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Shop The Fashionable Estate Of South Side Socialite Grace Jones This Weekend

Jones — a corporate trailblazer and fashion maven of no relation to the model and musician — amassed an extensive collection of designer clothes and furniture that will be sold from her Kenwood condo.

Racks and shelves of haute couture clothes and accessories are just some of the items you can shop at the estate sale of South Side socialite Grace Jones.
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KENWOOD — A late South Side socialite’s large collection of “high-end couture,” designer clothing and other items from her estate will be on sale this weekend at her Kenwood condo.

Grace Jones, an Englewood native, overcame “demeaning” treatment as a Black woman in the ’50s to climb the corporate ladder, said Lynn McDaniel, the “Estate Sale Goddess” who will host this weekend’s sale.

Jones capitalized on her career success to become a jetsetter who shopped at the finest stores in France, Italy — and, of course, her hometown Chicago, McDaniel said.

“She wasn’t a fashionista, she was a fashion maven, and there was a difference,” McDaniel said. “… Not only did she have a wonderful life collection, but she was a woman that took care of her possessions.”

Credit: Provided
A vintage Chanel bag for sale at the Grace Jones estate sale this weekend.

Jones’ designer dresses, handbags, furniture and more will be for sale 9 a.m.-3 p.m. Saturday and Sunday at Newport Condominiums, 4800 S. Chicago Beach Drive. The selection features designer goods from Gucci, Chanel, Fendi and Valentino.

Security will start passing out numbers in order of arrival at 8 a.m., and customers must arrive by 2:30 p.m, though McDaniel recommends arriving as early as possible. Purchases can also be made by phone starting at 9:30 a.m. by calling 312-450-9821.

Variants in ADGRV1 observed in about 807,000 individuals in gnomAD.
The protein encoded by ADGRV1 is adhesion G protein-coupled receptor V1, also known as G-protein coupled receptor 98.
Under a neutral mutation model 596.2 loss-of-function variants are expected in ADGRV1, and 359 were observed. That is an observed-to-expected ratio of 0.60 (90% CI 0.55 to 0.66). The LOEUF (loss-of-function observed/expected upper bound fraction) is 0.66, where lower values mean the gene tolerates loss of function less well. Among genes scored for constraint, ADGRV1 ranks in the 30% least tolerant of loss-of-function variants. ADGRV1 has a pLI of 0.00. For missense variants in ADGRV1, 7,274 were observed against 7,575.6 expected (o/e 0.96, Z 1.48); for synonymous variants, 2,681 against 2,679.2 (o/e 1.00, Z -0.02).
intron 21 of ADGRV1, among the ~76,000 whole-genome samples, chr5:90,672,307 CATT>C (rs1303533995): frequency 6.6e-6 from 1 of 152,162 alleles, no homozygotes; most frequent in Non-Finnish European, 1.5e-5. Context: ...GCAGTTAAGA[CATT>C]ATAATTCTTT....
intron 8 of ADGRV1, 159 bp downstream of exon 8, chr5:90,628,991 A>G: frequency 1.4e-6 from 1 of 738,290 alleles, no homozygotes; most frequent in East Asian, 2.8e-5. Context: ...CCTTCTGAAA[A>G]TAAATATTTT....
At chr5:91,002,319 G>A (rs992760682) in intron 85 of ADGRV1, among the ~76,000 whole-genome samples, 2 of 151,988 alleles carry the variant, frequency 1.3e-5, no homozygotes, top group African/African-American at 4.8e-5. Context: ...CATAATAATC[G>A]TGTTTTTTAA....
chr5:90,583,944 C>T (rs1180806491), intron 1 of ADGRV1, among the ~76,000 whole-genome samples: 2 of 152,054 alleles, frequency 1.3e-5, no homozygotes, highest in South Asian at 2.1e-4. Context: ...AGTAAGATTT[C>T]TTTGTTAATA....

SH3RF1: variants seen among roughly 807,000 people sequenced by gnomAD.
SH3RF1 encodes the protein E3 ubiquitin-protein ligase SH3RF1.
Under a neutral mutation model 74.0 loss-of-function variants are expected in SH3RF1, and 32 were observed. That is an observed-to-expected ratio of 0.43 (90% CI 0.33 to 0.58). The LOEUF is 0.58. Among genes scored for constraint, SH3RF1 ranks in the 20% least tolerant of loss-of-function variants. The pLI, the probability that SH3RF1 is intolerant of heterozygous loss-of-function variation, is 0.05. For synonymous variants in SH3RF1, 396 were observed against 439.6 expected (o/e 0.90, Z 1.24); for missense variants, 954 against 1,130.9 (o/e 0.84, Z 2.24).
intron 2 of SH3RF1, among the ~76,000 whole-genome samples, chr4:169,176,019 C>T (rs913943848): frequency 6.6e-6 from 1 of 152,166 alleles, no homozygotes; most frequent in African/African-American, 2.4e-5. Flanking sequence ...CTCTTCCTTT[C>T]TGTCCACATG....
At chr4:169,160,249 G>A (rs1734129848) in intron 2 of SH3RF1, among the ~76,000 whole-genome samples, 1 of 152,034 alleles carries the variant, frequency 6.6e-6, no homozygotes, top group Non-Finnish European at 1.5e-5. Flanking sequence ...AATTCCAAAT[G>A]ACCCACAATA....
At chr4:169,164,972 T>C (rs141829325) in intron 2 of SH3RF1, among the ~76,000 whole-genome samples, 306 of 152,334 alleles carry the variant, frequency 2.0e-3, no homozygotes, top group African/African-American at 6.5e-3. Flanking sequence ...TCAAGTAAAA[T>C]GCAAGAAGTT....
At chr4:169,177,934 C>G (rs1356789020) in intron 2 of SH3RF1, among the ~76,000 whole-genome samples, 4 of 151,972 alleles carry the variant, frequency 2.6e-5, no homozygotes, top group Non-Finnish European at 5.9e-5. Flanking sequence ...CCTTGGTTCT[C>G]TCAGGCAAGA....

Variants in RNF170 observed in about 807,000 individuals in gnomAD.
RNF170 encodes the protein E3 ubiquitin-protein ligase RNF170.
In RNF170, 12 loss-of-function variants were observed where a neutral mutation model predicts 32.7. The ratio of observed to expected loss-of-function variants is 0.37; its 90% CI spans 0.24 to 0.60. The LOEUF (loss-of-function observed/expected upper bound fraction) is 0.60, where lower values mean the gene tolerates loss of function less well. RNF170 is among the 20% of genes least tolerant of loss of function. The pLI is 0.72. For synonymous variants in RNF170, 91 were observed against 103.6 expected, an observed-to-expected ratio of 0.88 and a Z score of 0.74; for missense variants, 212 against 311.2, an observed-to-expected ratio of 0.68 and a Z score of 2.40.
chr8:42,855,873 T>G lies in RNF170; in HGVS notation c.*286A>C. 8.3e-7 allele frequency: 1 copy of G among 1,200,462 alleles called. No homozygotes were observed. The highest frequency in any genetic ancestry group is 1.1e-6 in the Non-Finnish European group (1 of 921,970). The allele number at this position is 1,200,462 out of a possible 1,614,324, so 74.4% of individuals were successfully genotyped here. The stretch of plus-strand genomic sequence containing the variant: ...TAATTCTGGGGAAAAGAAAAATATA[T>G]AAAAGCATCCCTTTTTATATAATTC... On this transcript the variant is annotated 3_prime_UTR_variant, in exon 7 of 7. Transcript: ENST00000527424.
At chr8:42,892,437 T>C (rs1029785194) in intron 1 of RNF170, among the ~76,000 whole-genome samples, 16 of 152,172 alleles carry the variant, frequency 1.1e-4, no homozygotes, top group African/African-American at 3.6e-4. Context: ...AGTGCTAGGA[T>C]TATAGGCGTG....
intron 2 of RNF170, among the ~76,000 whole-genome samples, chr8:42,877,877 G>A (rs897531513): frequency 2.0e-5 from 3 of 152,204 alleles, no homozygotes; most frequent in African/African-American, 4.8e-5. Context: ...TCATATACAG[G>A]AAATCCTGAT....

All cards and cash are accepted. For more information on the sale and a full list of rules, click here.

Jones, who is unrelated to the model and musician of the same name, started working for Commonwealth Edison in 1953. It was a “major challenge” to be a Black woman in corporate America, McDaniel said.

“They would check that she was appropriately dressed, check her nylons, make sure her seams were straight and her hair was perfectly coiffed, not too much perfume,” McDaniel said. “… It was just demeaning, the way that it was told to me.”

Jones stayed with the company and retired from Commonwealth Edison, spending “a great deal of her life in that workplace,” McDaniel said.

Her determination to break through glass ceilings is evident in her first company badge, in which “she looks forward, dead-on at the camera,” McDaniel said.

“It’s not a smile, not a smirk — her face is very, ‘This is the fact of the matter. I know who I am. I am Grace Jones and I am going to rise above it all,'” McDaniel said.

Credit: Provided
Grace Jones’ Commonwealth Edison identification badge, from when she started working for the utility’s engineering department. Jones rose the ranks at the utility despite “demeaning” treatment from colleagues as a Black woman, said Lynn McDaniel, the “Estate Sale Goddess” who is managing her estate sale this weekend.

Once Jones “made it” and got her footing at Commonwealth Edison, she “broke out” and embarked on a “high-end” social life, McDaniel said.